Hello, Joshua,

 Thank you for your concerns on OpenStack cascading. I am afraid that I am not 
 proper person to give comment on cells, but I would like to speak a little 
 about cascading for you mentioned with its own set of consistency warts I'm 
 sure .

 1. For small scale or a cloud within one data centers, one OpenStack instance 
 (including cells) without cascading feature can work just like it work today. 
 OpenStack cascading just introduces Nova-proxy, Cinder-proxy, L2/L3 proxy... 
 like other vendor specific agent/driver( for example, vcenter driver, hyper-v 
 driver, linux-agent.. ovs-agent ), and does not change the current 
 architecture for Nova/Cinder/Neutron..., and does not affect the aleady 
 developed features and deployment capability. The cloud operators can skip 
 the existence of OpenStack cascading if they don't want to use it, just like 
 they don't want to use some kinds of hypervisor / sdn controller 

 2. Could you provide concrete inconsistency issues you are worried about in 
 OpenStack cascading? Although we did not implement inconsistency check in the 
 PoC source code completely, but because logical VM/Volume/Port/Network... 
 objects are stored in the cascading OpenStack, and the physical objects are 
 stored in the cascaded OpenStack, uuid mapping between logical object and 
 physical object had been built,  it's possible and easy to solve the 
 inconsistency issues. Even for flavor, host aggregate, we have method to 
 solve the inconsistency issue.

 Best Regards

 Chaoyi Huang ( joehuang )
 
 From: Joshua Harlow [harlo...@outlook.com]
 Sent: 07 October 2014 12:21
 To: OpenStack Development Mailing List (not for usage questions)
 Subject: Re: [openstack-dev] [all] [tc] Multi-clouds integration by 
 OpenStack cascading

 On Oct 3, 2014, at 2:44 PM, Monty Taylor mord...@inaugust.com wrote:

 On 09/30/2014 12:07 PM, Tim Bell wrote:
 -Original Message-
 From: John Garbutt [mailto:j...@johngarbutt.com]
 Sent: 30 September 2014 15:35
 To: OpenStack Development Mailing List (not for usage questions)
 Subject: Re: [openstack-dev] [all] [tc] Multi-clouds integration by 
 OpenStack cascading

 On 30 September 2014 14:04, joehuang joehu...@huawei.com wrote:
 Hello, Dear TC and all,

 Large cloud operators prefer to deploy multiple OpenStack 
 instances(as
 different zones), rather than a single monolithic OpenStack 
 instance because of these reasons:

 1) Multiple data centers distributed 

Re: [openstack-dev] [nova-specs] WARNING: document isn't included in any toctree

2014-10-08 Thread Manickam, Kanagaraj
Hi Dims,

Thanks. I will move to approved folder.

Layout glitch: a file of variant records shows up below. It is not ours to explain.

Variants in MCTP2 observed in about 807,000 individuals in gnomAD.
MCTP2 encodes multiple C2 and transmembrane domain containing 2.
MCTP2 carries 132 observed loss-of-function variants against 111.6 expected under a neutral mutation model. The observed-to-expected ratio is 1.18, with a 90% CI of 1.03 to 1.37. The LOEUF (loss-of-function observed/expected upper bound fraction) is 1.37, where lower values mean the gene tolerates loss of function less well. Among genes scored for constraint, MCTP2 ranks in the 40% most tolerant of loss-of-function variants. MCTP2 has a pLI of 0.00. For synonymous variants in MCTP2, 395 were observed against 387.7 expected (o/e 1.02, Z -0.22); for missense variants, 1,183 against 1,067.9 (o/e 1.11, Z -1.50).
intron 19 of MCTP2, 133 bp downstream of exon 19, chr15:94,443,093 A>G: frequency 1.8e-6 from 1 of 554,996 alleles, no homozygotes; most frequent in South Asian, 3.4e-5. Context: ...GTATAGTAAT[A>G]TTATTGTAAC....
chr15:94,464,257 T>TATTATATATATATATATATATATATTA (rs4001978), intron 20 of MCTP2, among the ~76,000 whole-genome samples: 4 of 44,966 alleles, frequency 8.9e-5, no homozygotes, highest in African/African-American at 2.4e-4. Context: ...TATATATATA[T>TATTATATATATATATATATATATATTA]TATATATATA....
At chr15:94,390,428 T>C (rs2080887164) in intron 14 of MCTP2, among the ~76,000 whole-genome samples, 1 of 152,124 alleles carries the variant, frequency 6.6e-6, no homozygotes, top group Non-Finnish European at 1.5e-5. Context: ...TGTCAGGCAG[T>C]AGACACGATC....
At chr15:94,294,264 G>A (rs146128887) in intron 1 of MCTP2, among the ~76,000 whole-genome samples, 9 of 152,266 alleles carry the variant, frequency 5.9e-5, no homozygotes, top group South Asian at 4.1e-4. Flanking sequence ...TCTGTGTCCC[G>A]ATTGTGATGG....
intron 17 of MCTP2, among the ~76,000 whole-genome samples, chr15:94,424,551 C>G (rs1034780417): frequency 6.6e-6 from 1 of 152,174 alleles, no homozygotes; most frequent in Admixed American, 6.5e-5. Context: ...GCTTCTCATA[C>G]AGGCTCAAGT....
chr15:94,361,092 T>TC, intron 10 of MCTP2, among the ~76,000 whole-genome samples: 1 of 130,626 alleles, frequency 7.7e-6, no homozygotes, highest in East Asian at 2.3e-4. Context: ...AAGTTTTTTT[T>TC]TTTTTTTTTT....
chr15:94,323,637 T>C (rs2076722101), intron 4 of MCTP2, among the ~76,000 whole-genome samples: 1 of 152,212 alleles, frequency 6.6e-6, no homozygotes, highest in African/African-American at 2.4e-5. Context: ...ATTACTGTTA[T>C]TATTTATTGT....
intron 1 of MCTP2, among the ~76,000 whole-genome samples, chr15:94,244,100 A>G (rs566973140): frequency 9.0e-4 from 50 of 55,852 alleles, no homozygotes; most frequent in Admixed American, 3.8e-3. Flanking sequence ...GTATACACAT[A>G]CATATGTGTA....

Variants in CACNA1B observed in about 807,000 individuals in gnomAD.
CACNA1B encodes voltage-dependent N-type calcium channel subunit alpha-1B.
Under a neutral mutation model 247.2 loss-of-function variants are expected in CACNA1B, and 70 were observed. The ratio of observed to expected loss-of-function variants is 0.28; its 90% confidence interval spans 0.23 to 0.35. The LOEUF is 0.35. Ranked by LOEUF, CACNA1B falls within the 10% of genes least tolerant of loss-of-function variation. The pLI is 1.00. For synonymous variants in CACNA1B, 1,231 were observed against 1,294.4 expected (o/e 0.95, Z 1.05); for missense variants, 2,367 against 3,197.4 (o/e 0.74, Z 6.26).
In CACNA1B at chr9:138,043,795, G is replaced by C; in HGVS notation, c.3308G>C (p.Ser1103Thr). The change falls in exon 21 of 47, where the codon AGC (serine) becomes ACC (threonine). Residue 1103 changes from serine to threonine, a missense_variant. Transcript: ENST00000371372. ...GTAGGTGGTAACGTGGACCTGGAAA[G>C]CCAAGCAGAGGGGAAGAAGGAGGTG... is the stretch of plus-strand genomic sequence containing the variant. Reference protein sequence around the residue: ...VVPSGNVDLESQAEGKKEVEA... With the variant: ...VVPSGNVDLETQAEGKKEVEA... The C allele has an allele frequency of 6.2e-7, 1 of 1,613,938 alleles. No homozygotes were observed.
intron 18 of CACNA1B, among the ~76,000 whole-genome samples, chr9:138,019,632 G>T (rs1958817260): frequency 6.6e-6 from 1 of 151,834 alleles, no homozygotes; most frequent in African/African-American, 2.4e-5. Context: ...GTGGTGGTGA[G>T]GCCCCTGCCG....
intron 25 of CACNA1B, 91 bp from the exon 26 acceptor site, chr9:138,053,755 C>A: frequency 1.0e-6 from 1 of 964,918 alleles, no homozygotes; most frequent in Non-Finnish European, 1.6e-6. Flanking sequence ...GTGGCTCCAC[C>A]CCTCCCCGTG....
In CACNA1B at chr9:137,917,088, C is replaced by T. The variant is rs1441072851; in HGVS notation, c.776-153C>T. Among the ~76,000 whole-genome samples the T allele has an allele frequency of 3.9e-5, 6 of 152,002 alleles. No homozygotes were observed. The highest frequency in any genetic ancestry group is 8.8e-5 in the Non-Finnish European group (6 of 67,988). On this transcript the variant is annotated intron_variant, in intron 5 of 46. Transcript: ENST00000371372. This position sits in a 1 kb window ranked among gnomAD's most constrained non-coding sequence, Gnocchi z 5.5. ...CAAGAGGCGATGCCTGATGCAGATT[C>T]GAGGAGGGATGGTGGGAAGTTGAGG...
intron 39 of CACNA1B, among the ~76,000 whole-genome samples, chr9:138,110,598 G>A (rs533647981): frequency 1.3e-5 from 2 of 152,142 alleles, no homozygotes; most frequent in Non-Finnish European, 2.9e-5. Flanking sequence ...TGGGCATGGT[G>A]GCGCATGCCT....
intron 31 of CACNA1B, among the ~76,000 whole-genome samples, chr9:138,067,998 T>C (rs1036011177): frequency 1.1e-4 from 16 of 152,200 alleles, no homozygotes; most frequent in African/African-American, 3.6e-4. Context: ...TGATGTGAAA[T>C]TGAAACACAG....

Regards
Kanagaraj M

-Original Message-
From: Davanum Srinivas [mailto:dava...@gmail.com] 
Sent: Wednesday, October 08, 2014 5:07 PM
To: OpenStack Development Mailing List (not for usage questions)
Subject: Re: [openstack-dev] [nova-specs] WARNING: document isn't included in 
any toctree

Kanagaraj,

Drop it in specs/kilo/approved/ should work fine.

-- dims

On Wed, Oct 8, 2014 at 7:01 AM, Manickam, Kanagaraj kanagaraj.manic...@hp.com 
wrote:
 Hi,



 I tried to add a spec under specs/kilo folder and got the following
 exception:



 ERROR: InvocationError:
 '/home/jenkins/workspace/gate-nova-specs-docs/.tox/venv/bin/python 
 setup.py build_sphinx'



 http://logs.openstack.org/66/126866/1/check/gate-nova-specs-docs/c00ed
 fe/console.html





 Can anyone please help here to fix it.



 Regards

 Kanagaraj M


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[openstack-dev] [api] Forming the API Working Group

2014-10-08 Thread Everett Toews
https://wiki.openstack.org/wiki/API_Working_Group

This is the start of the API Working Group (API WG). 

To avoid bike shedding over the name of the working group, I decided to title 
the wiki page API Working Group. Simple, to the point, and avoids loaded terms 
like standards, best practices, guidelines, conventions, etc.

The point isn’t what we name it. The point is what action we take about it. I 
propose the deliverables in the API WG wiki page.

Speaking of the wiki page, I wrote it very matter-of-factly. As if this is the 
way things are. They’re not. The wiki page is just a starting point. If 
something was missed, add it. If something can be improved, improve it. Let’s 
try to keep it simple though.

I invite everyone who chimed in on the original thread [1] that kicked this off 
to add themselves as a member committed to making the OpenStack APIs better. 
I’ve Cc’d everyone who asked to be kept in the loop.

I already see some cross project summit topics [2] on APIs. But frankly, with 
the number of people committed to this topic, I’d expect there to be more. I 
encourage everyone to submit more API related sessions with better descriptions 
and goals about what you want to achieve in those sessions.

Regards,
Everett

[1] 
http://lists.openstack.org/pipermail/openstack-dev/2014-September/046850.html
[2] https://etherpad.openstack.org/p/kilo-crossproject-summit-topics


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Re: [openstack-dev] [Fuel] Cinder/Neutron plugins on UI

2014-10-08 Thread Dmitry Borodaenko
I don't like how this discussion is framed. The initial premise that we have
only two controversial options to choose from is lazy. If there is no